Miguel Perez Marrodan, ISDEFE, was speaking in the place of Javier Villanueva, Directorate General of Marine Merchant. It is very important to try to solve the problem of illegal dumping of oil. The administration must find the polluters.
Procedures of marine pollution control in Spain
Juan Carlos Crespo, SASEMAR, discussed the problems of clenaup operations in the Spanish waters. There are three areas to survey: The Atlantic, the Strait and the Mediterranean. Spain cooperates with United Kingdom, Ireland, Morocco and Portugal in rescue and security operations in these areas. A video showing how SASEMAR is working was presented
Environmental monitoring and management in general
European activities for detection, management and documentation of floods
James Dent, H.R. Wallingford, gave an extensive presentation of the problems and possible solutions of detection, management and documentation of floods. He presented examples from England and also larger European cooperation projects.
In England one is collecting data about floods from the last 200 years. This will give valuable statistic data for future forecasts of new floods and the development of floods.
LIDAR is a new and effective tool for registration of flood-laid areas and areas exposed to floods. It is cheaper and faster than photogrammetry.
For forecasting of floods, images from weather satellites are of great value. It is important to be aware of weather fronts and temperature. Information about the snow cover can also be found by satellite images. Weather radars can give locational and quantitative rainfall information. Telemetry of water level and rainfall give valuable information.
One problem is that many institutions are involved in the collecting of data. It is important that data are distributed effectively to the responsible authorities. When the flood has started, one usually gets messages from people at the place. Then LIDAR is an effective tool to survey the flooded areas. One should be aware that telemetry systems may be knocked out by the flood. Another problem, difficult to forecast, is that rivers may be partly blocked by avalanches due to the flood.
Some international projects were described. The institutions in the participating countries are using different hydrological and hydrodynamic models.In RIBAMOD, a project in the 4th frame programme of EU, it was tried to join the existing models together in a common system. In EUROTAS one is aiming at a development and demonstration of catchment models for five rivers in Europe. The challenge in addition to the different practice in the separate countries, is the large difference in scale of area and time. The Elbe has a total catchment of 120 000 km² and a subcatchment of the Thames is only 100 km².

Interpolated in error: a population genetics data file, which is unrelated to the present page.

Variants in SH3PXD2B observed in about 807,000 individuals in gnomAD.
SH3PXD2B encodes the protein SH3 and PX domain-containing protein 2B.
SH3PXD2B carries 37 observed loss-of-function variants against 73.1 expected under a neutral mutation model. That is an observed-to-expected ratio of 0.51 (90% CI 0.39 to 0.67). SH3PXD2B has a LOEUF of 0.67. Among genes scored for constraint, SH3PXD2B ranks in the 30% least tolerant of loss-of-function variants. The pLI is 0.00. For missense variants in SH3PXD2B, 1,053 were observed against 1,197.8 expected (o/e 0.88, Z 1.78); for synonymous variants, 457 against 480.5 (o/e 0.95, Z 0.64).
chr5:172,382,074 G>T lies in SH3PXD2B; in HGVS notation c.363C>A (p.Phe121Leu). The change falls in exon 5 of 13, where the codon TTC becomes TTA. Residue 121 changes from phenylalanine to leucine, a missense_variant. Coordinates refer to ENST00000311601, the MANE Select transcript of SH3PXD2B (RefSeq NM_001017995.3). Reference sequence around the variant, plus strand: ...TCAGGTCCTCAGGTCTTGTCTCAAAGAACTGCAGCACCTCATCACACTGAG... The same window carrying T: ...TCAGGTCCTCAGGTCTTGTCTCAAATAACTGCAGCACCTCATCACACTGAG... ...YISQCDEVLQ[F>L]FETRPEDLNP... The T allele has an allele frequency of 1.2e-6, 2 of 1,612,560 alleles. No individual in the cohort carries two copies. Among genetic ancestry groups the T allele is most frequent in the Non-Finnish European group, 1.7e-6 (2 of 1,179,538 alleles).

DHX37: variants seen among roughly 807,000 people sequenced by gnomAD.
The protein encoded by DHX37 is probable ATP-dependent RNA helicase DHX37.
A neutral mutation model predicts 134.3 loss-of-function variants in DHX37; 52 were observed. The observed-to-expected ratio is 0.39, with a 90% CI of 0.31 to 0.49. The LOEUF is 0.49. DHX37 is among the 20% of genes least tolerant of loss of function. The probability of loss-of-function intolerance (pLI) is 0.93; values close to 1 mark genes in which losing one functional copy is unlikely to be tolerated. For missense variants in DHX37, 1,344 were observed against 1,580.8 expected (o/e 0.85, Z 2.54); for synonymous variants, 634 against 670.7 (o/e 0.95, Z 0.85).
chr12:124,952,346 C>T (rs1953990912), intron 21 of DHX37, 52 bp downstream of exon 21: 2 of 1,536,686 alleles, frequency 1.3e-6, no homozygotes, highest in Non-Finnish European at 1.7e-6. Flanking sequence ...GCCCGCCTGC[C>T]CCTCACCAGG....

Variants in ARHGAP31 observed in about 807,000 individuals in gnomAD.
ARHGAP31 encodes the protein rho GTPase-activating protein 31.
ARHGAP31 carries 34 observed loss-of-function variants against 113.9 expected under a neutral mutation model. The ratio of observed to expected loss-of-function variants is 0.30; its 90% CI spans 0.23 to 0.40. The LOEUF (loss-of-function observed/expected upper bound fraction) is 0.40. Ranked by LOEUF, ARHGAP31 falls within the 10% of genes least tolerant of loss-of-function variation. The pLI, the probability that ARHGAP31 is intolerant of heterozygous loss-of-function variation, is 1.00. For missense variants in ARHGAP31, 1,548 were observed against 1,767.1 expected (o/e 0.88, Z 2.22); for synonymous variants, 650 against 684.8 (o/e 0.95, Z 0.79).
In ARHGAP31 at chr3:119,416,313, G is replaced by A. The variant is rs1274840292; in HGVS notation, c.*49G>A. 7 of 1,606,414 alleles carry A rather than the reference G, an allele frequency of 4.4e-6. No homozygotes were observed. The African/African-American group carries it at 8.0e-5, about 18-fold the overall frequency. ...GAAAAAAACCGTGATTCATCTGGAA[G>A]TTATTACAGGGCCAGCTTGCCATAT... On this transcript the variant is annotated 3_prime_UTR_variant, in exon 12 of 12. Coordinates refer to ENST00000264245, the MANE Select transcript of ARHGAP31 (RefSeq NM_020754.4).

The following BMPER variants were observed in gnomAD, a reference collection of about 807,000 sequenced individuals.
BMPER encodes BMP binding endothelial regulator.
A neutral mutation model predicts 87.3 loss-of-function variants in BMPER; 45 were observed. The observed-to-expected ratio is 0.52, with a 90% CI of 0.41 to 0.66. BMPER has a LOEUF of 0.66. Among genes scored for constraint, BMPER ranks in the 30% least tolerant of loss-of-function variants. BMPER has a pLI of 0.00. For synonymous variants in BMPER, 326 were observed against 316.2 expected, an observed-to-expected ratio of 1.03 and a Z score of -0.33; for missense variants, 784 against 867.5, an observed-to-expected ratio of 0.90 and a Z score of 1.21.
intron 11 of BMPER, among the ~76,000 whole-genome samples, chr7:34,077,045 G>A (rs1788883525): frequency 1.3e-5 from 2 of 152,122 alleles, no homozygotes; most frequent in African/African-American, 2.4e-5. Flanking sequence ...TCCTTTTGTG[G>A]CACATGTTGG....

The operational hydrologists dream is a complete and effective GIS where all models and input data can be treated and the results presented in a descriptive way.
Forest fires - reasons, effects and how to prevent it
Luis Velasco, Generalitat Valenciana, was talking about forest fires, the reasons, effects and how to prevent it. He presented statistics showing the origins of forest fires. There are uninteded causes, where smokers or children have started a fire by accident. In some cases the fire has been started on purpose, for example by burning of underbrush, where the fire has come out of control. Fires started by lightning covers a reasonable high percent of the cases.
The result of a forest fire, depends largely on the type of area. It is important to try to restore the vegetation as soon as possible. If the vegetation is not restored, you will get problem with the water. Without or with scarce vegetation the water will easily pass away, and may cause damage due to erosion.
Moderator: Mr. Espen Volden , Norwegian Computing Center
Mr. Pedro Cano, SASEMAR, Madrid
Mr. Javier García García, SASEMAR, Barcelona
Mr. Fernando Vázquez , SASEMAR , Gijón
Mr. Santiago Simón , CRONOTECK
Mr. Lichtenegger, European Space Agency
Ms. Isabel Comós, IN&DI, S.L.
The objectives of the discussion group were to know the participants' opinion about the Envisys system and ideas for the amelioration of the system. The user needs were essential in the debate.
For SASEMAR it is important to receive information about the position of the oil slick, the oil characteristics, information about wind conditions and also to receive the image.
SASEMAR now receive warnings about oil spills from accidental observations from the coast or from ships. To verify the information they use boats and helicopters.
Mr. Santiago Simon said that the Envisys system was not efficient because they don't get images as often as they want. A weekly coverage is not sufficient.
SASEMAR said that they were interested in having the system in their office.
Mr. Pedro Cano said that Envisys is an excellent tool. However it is necessary to get the opinion of the entire SASEMAR direction, about which system is the best. They want regular information about the Envisys progress.
Mr. Lichtenegger emphasised to take into account a budget to pay the satellite images.
SASEMAR explained that they have a training simulator developed by a Norwegian company .
Mr. Miguel Alborg Domínguez, IDIEIKON, Valencia, Spain
Mr. James Dent, HR Wallingford, UK
Mr. Luigi Fusco, ESA/ESRIN, Italy
Mr. Fernando Garcia-Belenguer, ISDEFE, Spain
Mr. José F. Moreno, University of Valencia, Spain
Mr. Spyros Pantelis, INTELLSERVE, Greece
Dent: It is difficult to maintain the information up to date.
Meteorological information is quite expensive.
Remote sensing is a complementary information to ground information.
Fusco: With ERS-1 and 2, Radarsat and Envisat satellites there will be daily information. At the present moment, the information is available every 2 or 3 days.
Ground information will always be necessary.
He mentioned that in 1995 they obtained information on a specific flood in France the day before and the day after.
Dent: sensors can be used to calculate moist in the watershed.